Tips for using emojis at work

That weekend, on Saturday 17th July, World Emoji Day (#WorldEmojiDay) was celebrated, a holiday that has been going on for seven years and commemorates the creation of these symbols that allow easier communication and emotions in fewer signs express.

The emojis were created in September 1982

Emojis were born on September 19, 1982 when Scott Elliot Fahlman, a computer scientist at Carnegie Mellon University, invented the first emoticons to help understand the tone of messages, for example by using a colon and closing brackets to create a smile .

However, it was not until 1999 that the first colored emojis appeared, created by Shigetaka Kurita, a Japanese interface designer who created 176 characters of 12 x 12 pixels, inspired by Japanese culture such as Manga and Kanjis, for the mobile internet operator NTT DoCoMo .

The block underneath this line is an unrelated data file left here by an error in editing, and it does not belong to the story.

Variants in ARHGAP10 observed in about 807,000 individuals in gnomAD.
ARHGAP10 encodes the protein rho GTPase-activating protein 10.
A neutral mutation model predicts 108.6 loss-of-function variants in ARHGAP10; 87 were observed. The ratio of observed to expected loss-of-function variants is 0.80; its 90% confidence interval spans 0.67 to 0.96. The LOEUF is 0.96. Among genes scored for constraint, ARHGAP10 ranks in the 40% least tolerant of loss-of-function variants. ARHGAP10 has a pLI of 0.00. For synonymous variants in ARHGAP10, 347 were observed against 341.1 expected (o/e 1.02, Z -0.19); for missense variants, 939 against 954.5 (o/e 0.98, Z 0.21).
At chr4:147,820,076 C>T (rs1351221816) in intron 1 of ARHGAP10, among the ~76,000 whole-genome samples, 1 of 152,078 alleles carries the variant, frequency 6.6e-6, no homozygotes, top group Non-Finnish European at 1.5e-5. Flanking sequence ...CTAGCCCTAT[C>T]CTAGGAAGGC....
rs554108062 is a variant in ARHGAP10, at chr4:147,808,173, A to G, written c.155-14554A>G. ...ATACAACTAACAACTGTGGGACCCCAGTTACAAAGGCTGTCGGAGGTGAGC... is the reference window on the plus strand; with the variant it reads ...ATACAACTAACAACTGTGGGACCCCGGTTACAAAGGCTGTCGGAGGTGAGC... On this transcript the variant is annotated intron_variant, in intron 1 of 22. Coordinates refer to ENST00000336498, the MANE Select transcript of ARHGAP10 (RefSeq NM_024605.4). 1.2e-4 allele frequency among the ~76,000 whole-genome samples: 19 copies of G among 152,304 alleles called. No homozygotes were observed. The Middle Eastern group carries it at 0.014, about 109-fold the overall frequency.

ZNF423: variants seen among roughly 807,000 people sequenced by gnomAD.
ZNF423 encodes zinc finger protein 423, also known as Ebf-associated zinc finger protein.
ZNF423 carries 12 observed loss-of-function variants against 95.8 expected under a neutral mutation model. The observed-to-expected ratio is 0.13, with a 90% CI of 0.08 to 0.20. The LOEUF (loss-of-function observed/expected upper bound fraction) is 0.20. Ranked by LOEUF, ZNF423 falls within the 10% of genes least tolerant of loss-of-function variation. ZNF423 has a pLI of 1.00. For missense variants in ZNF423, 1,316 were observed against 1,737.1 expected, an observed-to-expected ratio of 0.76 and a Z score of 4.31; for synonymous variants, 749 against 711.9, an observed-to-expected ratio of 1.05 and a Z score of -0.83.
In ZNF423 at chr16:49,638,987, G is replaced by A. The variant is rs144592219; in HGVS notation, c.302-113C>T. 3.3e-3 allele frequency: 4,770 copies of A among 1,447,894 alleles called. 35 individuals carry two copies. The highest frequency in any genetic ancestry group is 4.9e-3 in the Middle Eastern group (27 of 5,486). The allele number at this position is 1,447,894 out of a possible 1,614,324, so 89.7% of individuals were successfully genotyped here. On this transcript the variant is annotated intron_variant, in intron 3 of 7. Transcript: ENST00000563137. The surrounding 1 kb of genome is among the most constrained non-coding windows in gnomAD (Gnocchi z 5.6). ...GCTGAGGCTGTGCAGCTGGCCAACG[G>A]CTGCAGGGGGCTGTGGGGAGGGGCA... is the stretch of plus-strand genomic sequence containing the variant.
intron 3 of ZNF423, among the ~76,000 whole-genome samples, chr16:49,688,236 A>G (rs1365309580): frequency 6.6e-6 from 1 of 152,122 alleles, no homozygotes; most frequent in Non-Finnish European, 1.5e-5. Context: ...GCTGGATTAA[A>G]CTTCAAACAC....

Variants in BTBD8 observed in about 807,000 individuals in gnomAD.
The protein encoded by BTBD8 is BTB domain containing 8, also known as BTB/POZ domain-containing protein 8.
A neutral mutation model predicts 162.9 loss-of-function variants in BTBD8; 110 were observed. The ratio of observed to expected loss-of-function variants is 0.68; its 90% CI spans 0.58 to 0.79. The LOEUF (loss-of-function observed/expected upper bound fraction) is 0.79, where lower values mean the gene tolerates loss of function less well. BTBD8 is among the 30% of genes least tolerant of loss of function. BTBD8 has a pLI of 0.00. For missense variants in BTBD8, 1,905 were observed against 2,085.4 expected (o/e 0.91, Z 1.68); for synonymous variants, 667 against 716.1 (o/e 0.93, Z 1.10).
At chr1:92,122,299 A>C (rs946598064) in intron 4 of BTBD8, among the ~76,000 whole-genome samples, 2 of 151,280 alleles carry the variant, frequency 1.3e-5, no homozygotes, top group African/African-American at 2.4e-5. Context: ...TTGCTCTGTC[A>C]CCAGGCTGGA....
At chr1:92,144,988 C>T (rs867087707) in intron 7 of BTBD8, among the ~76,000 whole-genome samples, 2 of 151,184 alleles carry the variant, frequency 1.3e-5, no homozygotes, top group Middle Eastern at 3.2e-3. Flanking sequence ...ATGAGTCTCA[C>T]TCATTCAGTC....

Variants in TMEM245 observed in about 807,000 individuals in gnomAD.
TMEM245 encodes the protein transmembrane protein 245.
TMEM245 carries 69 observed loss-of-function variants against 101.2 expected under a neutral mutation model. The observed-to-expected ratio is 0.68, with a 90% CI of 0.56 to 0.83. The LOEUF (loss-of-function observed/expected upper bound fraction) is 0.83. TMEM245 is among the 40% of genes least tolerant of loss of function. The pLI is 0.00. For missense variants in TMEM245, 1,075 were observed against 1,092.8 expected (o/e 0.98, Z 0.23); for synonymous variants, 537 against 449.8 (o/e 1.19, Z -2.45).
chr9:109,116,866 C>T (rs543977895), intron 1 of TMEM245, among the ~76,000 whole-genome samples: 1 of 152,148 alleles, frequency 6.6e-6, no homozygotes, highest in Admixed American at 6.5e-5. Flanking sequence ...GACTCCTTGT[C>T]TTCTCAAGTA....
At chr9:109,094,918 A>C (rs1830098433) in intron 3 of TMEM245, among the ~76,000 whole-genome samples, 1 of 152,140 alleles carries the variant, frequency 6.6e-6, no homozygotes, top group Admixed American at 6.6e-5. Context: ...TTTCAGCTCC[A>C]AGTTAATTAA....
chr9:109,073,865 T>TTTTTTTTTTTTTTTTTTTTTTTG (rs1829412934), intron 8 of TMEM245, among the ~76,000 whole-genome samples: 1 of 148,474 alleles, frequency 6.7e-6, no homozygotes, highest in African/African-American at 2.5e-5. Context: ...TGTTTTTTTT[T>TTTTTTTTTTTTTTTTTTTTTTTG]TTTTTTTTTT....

Nowadays we use them every day to keep in touch with friends and family and we can even know in real time which ones are used the most. However, they are not only used in the personal area, but also in the work environment and increasingly in the course of teleworking.

With that in mind, Hootsuite has offered a number of tips on how to use emojis correctly at work so that they don’t deliver a confusing message or make mistakes while reading. They would be the following:

-Use the most common emojis: The most popular emojis tend to be smileys, hearts, hand gestures … for employees, using these effective, human-centric emojis is a safe bet for both external communication with clients and interns with the team. So everyone can really know the meaning of what is being said, and a symbol whose meaning is unknown will not be shared.

Know the recipient of the emoji well: Emojis don’t mean the same thing in all parts of the world. So when you send an emoji to a foreign customer, it may not be interpreted the same way.

-Be positive and put sarcasm aside: Emojis tend to be positive rather than negative, but for work it’s best to avoid the full spectrum of negative or sarcastic emojis as coworkers can confuse the message you’re really trying to get across.

-Everything in moderation: When communicating in a professional context, it can be okay to add a few strategic emojis, but don’t overdo it or compromise the clarity of your message.

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